The UFW recently won a vote to represent strawberry growers at Coastal Berry in Watsonville, Calif. -- one of eight organizing victories over the last year.
"I don't view this as a big black mark that's going to stop this union's momentum," said Peter Olney, associate director of the University of California's Institute for Labor and Employment.
However, farm industry critics allege that the union has overstated its membership for years and that it is a shadow of its former self. Last year, in response to a Department of Labor inquiry, UFW officials amended membership figures to 5,945 -- from 27,000, well below its peak of 80,000 in 1973. The union says the smaller number is misleading because it represents only workers under contract at the end of 2001 -- the low ebb of the California growing season.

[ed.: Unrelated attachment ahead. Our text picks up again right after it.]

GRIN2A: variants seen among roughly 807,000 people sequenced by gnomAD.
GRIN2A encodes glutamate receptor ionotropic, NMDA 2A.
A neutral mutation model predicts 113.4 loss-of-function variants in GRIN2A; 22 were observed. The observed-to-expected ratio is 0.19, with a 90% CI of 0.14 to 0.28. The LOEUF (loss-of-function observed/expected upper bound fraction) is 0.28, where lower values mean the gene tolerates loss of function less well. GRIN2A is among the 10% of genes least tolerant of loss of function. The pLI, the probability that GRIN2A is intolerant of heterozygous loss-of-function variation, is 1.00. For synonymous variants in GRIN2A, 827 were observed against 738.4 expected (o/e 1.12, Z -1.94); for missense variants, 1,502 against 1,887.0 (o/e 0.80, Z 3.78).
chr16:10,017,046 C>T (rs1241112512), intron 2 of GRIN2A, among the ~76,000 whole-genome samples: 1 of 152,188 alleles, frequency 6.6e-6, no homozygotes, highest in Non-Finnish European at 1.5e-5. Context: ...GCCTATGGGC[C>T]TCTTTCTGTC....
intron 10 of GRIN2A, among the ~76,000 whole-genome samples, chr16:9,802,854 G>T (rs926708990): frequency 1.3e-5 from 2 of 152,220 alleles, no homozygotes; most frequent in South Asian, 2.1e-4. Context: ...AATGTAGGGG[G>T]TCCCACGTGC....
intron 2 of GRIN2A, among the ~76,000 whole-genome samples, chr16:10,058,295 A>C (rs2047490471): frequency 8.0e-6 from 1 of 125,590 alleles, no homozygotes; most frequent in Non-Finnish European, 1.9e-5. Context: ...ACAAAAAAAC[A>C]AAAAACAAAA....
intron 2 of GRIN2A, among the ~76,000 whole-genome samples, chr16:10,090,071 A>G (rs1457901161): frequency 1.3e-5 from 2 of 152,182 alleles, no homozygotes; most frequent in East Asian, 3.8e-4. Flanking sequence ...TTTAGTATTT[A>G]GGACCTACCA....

Rob Roy, general counsel for the Ventura County Agricultural Assn. and a vocal union critic, said the Gallo decertification effort is telling and comes on the heels of a steady trickle of other decertification efforts. (Grossman disagreed, calling such petitions rare.)
"The UFW has a lot of political clout with legislators, but I think they lack a real nexus with the farmworkers," Roy said. "It's not going to be a major setback for the UFW, but certainly it will be a symbolic loss for them because they made such a big issue out of going after Gallo."